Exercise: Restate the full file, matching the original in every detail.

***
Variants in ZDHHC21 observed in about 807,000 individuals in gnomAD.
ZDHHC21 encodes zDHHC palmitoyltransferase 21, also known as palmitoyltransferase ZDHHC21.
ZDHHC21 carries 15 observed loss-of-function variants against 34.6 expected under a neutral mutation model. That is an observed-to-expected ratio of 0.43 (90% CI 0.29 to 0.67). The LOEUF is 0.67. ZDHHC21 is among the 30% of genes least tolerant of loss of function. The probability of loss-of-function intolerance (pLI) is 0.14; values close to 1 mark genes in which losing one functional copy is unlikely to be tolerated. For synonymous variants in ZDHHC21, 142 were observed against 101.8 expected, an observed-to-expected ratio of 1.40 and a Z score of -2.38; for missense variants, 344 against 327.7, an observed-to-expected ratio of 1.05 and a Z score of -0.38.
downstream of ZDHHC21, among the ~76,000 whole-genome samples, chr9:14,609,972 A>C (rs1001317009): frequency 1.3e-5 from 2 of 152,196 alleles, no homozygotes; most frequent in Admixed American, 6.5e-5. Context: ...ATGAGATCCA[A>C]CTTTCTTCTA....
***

Variants in ZDHHC21 observed in about 807,000 individuals in gnomAD.
ZDHHC21 encodes zDHHC palmitoyltransferase 21, also known as palmitoyltransferase ZDHHC21.
ZDHHC21 carries 15 observed loss-of-function variants against 34.6 expected under a neutral mutation model. That is an observed-to-expected ratio of 0.43 (90% CI 0.29 to 0.67). The LOEUF is 0.67. ZDHHC21 is among the 30% of genes least tolerant of loss of function. The probability of loss-of-function intolerance (pLI) is 0.14; values close to 1 mark genes in which losing one functional copy is unlikely to be tolerated. For synonymous variants in ZDHHC21, 142 were observed against 101.8 expected, an observed-to-expected ratio of 1.40 and a Z score of -2.38; for missense variants, 344 against 327.7, an observed-to-expected ratio of 1.05 and a Z score of -0.38.
downstream of ZDHHC21, among the ~76,000 whole-genome samples, chr9:14,609,972 A>C (rs1001317009): frequency 1.3e-5 from 2 of 152,196 alleles, no homozygotes; most frequent in Admixed American, 6.5e-5. Context: ...ATGAGATCCA[A>C]CTTTCTTCTA....